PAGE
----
As a result of several large fires in the region and the work done by the Université de Lausanne, the Swiss road authorities has invested in several mitigating measures. Vehicle Hot spot Detection (VHD) is one of these measures.

Vehicle Hot spot Detection (VHD)

The objective of a VHD system is to detect overheated vehicles, automatically. Heavy Vehicles that can catch fire or are in bad operating condition, and thereby a safety hazard for road tunnels. 

By using several different well-placed detectors above and next to the road, the system can detect in both single lane traffic and in multi lane free flow traffic. The system contains of light barrier, photo camera, laser scanners and IR cameras.

The system scans the vehicle and produce a 3D model, to recognise the type of the vehicle and the parts of the vehicle. The IR cameras gives a heat print that can be transformed into the digital 3D model. After several years, the system have build up a significant database of expected temperatures for the different parts of heavy vehicles. The 3D heat print is evaluated in a fraction of a second towards the database, and if parts of the vehicle exceeds temperature limits, the vehicle is detected as a safety hazard. A heavy vehicle that is detected as a safety hazard can be diverted and be assisted by staff and/or given necessary notification about the vehicle conditions.

How to deal with a heavy vehicle that represent a safety hazard can vary from one tunnel to another, and it depends on the safety strategy, road network, available staff and available areas. This system will function well in a strategy that is not depended on a staff, present.

An interesting fact from the Swiss studies is that vehicles that has a problem with overheated parts doesn't need to be detected in a steep climb or a similar stressful condition, but will have a higher temperature anywhere on the road infrastructure. This rises questions if there should be more detection along the road network, and how such a measure will give a higher degree of safety for the road network in general.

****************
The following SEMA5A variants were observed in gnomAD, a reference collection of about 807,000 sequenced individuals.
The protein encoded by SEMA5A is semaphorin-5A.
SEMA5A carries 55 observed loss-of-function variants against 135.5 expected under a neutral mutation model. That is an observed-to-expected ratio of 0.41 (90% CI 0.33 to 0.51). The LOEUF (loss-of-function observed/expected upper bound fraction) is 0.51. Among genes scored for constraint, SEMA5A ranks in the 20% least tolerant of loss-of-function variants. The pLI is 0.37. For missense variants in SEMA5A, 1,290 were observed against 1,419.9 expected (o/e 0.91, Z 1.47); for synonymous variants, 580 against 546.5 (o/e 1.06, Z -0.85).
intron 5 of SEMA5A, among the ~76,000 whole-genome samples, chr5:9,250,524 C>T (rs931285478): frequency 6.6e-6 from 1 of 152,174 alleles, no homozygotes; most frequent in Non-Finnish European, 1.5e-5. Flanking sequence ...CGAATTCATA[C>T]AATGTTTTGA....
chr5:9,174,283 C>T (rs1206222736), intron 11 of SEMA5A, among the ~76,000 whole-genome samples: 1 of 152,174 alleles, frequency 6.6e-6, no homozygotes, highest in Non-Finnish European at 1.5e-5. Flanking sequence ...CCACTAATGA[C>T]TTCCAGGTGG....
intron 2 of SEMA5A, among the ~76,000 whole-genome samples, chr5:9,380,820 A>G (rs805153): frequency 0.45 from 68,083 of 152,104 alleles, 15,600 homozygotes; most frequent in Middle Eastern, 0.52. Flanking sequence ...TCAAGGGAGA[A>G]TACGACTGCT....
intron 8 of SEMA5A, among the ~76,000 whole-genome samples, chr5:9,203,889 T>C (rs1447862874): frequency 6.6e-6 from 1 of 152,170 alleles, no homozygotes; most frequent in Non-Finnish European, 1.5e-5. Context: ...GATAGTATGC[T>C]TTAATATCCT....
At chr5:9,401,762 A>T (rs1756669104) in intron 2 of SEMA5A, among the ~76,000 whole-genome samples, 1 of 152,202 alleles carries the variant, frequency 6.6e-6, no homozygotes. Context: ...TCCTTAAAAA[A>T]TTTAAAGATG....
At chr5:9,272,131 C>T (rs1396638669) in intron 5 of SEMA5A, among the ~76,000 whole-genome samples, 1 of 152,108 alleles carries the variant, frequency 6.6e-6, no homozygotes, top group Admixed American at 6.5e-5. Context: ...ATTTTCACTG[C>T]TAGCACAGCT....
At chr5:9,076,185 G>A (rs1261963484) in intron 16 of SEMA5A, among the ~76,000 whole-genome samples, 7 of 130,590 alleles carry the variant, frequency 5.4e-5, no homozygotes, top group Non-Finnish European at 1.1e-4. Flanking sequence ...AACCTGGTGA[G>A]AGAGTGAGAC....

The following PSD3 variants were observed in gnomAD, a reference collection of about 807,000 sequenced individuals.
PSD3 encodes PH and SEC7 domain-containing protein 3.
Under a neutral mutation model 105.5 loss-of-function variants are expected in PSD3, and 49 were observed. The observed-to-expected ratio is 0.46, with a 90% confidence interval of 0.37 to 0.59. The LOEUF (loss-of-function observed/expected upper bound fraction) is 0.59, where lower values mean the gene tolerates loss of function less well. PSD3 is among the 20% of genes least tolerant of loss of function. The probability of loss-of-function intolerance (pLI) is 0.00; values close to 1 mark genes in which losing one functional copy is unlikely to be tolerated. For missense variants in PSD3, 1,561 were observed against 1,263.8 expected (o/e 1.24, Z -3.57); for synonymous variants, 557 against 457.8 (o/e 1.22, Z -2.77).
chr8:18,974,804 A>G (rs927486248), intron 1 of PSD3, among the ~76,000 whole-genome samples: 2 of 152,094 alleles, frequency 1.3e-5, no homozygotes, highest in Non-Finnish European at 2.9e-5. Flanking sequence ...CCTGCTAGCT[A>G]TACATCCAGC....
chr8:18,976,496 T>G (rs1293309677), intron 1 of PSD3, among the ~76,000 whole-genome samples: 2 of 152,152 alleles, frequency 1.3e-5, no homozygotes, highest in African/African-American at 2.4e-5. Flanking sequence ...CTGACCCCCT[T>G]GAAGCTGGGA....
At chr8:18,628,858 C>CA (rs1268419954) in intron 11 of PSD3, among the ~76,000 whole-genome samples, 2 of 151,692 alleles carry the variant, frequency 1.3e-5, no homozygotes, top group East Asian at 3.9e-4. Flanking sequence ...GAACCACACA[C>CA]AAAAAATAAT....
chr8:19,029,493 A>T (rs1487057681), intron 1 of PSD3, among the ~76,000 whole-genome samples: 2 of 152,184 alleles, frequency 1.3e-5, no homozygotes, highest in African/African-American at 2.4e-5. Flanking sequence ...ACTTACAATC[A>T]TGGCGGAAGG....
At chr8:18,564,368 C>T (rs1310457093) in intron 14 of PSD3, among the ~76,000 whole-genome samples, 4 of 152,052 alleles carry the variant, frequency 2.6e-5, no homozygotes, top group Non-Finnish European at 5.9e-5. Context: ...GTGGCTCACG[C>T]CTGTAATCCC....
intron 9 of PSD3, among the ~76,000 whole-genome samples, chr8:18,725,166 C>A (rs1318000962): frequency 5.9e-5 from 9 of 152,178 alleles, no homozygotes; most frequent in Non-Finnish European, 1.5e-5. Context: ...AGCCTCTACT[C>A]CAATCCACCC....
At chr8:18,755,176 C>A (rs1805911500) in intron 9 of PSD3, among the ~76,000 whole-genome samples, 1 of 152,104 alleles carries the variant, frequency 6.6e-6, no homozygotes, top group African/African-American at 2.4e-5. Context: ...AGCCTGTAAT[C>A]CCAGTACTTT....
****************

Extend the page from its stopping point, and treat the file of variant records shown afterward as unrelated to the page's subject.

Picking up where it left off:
We have visited the Gotthard road tunnel, that has a well functional VHD system. The system have contributed to prevent severe tunnel fires, and is valued as one of the most important safety systems in one of Europes most vulnerable tunnels, in terms of heavy vehicles fires.

Weblink: Link

Photo: Arild Petter Sovik, Gotthard road tunnel (2017)

Last modified on Saturday, 16 December 2017 10:36
Arild Petter Sovik

Editor, Tunntech Global News

E-mail:  arild.sovik@tunntech.no
Phone:  +47 950 88 793

 

News coverage based on many years of experience from key positions in the industry. Former National Tunnel Manager at the road authorities (NO), senior principal development manager at a major tunnel contractor company (NO) and experience from a wide number of activities in national and international networks. 

 

Website: www.sovikconsulting.no